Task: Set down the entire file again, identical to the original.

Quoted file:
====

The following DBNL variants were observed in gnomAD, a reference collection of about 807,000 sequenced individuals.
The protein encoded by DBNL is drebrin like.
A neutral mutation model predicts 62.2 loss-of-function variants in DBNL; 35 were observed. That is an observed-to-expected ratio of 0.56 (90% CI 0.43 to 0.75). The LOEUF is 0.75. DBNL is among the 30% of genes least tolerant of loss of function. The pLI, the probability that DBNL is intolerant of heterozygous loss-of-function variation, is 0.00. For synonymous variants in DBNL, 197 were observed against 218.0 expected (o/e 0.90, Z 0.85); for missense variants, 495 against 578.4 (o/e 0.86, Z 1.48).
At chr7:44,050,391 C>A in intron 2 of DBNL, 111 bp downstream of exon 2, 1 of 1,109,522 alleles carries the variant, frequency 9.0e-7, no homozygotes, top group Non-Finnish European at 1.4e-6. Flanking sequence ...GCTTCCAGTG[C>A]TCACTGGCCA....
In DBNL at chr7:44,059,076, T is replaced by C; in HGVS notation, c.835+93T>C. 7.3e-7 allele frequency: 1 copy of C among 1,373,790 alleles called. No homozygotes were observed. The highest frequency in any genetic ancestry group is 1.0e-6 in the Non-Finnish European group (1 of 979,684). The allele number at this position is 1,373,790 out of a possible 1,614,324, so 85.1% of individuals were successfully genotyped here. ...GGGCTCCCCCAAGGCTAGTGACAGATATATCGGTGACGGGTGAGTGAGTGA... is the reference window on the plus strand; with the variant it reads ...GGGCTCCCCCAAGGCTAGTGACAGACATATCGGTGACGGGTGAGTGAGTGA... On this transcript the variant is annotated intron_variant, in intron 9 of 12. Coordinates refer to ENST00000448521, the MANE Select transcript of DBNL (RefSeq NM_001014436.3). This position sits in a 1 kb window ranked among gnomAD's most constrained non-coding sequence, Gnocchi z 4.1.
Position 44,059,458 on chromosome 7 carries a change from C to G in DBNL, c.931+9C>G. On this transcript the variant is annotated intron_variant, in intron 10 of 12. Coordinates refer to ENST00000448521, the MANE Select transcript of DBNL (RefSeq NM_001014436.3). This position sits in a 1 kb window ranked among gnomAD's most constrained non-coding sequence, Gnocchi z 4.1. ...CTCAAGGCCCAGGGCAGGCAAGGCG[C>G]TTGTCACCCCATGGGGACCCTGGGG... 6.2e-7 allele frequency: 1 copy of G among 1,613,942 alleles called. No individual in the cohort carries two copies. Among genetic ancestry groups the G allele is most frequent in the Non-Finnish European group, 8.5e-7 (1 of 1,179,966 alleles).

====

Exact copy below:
The following DBNL variants were observed in gnomAD, a reference collection of about 807,000 sequenced individuals.
The protein encoded by DBNL is drebrin like.
A neutral mutation model predicts 62.2 loss-of-function variants in DBNL; 35 were observed. That is an observed-to-expected ratio of 0.56 (90% CI 0.43 to 0.75). The LOEUF is 0.75. DBNL is among the 30% of genes least tolerant of loss of function. The pLI, the probability that DBNL is intolerant of heterozygous loss-of-function variation, is 0.00. For synonymous variants in DBNL, 197 were observed against 218.0 expected (o/e 0.90, Z 0.85); for missense variants, 495 against 578.4 (o/e 0.86, Z 1.48).
At chr7:44,050,391 C>A in intron 2 of DBNL, 111 bp downstream of exon 2, 1 of 1,109,522 alleles carries the variant, frequency 9.0e-7, no homozygotes, top group Non-Finnish European at 1.4e-6. Flanking sequence ...GCTTCCAGTG[C>A]TCACTGGCCA....
In DBNL at chr7:44,059,076, T is replaced by C; in HGVS notation, c.835+93T>C. 7.3e-7 allele frequency: 1 copy of C among 1,373,790 alleles called. No homozygotes were observed. The highest frequency in any genetic ancestry group is 1.0e-6 in the Non-Finnish European group (1 of 979,684). The allele number at this position is 1,373,790 out of a possible 1,614,324, so 85.1% of individuals were successfully genotyped here. ...GGGCTCCCCCAAGGCTAGTGACAGATATATCGGTGACGGGTGAGTGAGTGA... is the reference window on the plus strand; with the variant it reads ...GGGCTCCCCCAAGGCTAGTGACAGACATATCGGTGACGGGTGAGTGAGTGA... On this transcript the variant is annotated intron_variant, in intron 9 of 12. Coordinates refer to ENST00000448521, the MANE Select transcript of DBNL (RefSeq NM_001014436.3). This position sits in a 1 kb window ranked among gnomAD's most constrained non-coding sequence, Gnocchi z 4.1.
Position 44,059,458 on chromosome 7 carries a change from C to G in DBNL, c.931+9C>G. On this transcript the variant is annotated intron_variant, in intron 10 of 12. Coordinates refer to ENST00000448521, the MANE Select transcript of DBNL (RefSeq NM_001014436.3). This position sits in a 1 kb window ranked among gnomAD's most constrained non-coding sequence, Gnocchi z 4.1. ...CTCAAGGCCCAGGGCAGGCAAGGCG[C>G]TTGTCACCCCATGGGGACCCTGGGG... 6.2e-7 allele frequency: 1 copy of G among 1,613,942 alleles called. No individual in the cohort carries two copies. Among genetic ancestry groups the G allele is most frequent in the Non-Finnish European group, 8.5e-7 (1 of 1,179,966 alleles).